Education improvement undermines call for longer school day
Danish fourth graders improved 13 places in the most recent Progress in International Reading Literacy Study (PIRLS), which found Denmark had jumped from 18th place in 2006 to a tie for fifth place overall in the most recent 2011 study, released yesterday.
Fourth graders also scored high on the Trends in International Mathematics and Science Study (TIMSS), which ranked students eighth internationally for their comprehension of mathematics and science.
The two studies, carried out every five years, come at an inconvenient time for the government, which last week unveiled a school reform that would see students spending more time in school, while also increasing the number of hours teachers spend in the classroom.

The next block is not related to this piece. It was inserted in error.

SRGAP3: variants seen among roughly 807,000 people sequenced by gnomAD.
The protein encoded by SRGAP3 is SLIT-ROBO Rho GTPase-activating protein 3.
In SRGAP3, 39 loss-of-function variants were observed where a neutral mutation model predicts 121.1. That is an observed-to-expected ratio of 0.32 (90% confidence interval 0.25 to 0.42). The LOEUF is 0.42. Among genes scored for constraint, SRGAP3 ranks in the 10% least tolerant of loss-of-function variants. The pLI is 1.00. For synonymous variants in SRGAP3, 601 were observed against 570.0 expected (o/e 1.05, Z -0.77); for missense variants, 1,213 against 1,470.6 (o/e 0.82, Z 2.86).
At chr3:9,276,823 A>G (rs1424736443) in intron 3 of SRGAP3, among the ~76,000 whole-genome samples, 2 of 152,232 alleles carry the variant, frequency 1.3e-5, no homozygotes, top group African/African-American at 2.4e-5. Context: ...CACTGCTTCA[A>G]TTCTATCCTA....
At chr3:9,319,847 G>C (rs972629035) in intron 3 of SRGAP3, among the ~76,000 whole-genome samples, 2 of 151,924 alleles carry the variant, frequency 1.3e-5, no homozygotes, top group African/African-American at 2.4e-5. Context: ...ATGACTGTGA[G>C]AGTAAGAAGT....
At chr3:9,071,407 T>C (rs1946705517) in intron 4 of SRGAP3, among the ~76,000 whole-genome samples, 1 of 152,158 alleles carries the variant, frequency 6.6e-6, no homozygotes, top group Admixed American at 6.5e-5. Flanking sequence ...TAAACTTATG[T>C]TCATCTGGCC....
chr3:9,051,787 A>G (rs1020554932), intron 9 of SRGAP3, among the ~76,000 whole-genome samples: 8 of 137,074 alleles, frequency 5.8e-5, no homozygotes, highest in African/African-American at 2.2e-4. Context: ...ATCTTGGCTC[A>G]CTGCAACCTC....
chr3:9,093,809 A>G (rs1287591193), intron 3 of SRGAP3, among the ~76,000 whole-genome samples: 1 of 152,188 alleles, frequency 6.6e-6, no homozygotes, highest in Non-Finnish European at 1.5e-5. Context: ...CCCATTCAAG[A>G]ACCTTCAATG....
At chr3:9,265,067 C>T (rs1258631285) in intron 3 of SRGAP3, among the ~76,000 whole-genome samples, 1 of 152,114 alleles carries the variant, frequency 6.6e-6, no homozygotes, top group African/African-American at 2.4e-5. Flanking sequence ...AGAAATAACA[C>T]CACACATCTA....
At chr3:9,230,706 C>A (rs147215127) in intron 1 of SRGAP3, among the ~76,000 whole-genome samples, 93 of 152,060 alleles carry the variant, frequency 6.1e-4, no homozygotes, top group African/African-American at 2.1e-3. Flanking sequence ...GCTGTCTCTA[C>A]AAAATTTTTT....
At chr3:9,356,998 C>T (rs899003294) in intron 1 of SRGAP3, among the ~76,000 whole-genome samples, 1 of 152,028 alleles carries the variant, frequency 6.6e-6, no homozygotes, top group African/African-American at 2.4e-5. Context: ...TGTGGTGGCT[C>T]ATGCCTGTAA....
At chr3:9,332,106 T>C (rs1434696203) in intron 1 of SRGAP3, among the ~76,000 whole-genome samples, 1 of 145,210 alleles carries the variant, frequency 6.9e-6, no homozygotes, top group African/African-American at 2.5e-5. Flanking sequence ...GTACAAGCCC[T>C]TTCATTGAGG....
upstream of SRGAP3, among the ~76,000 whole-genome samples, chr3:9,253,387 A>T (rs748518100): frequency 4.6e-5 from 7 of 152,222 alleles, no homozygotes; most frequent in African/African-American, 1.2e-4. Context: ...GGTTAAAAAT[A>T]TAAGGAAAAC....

The findings have given opponents of the reform new ammunition.
“There has been a lot of discussion about whether students should spend 37 hours a week in school,” Anders Bondo Christensen, the head of teachers' union DLF, told Politiken newspaper. “Maybe we need to do something else entirely if we want to improve student performance. These studies appear to be giving a clear indication of that.”
He commended teachers for the results.
“Despite budget cuts, these results show that teachers have still managed to deliver high-quality education.”
But the TIMSS and PIRLS results also show that teachers might not be faring as well as their students.
Some 23 percent teachers said disruptive students significantly hindered their ability to teach, and 62 percent said they accepted disruptive behaviour as a natural part of the classroom.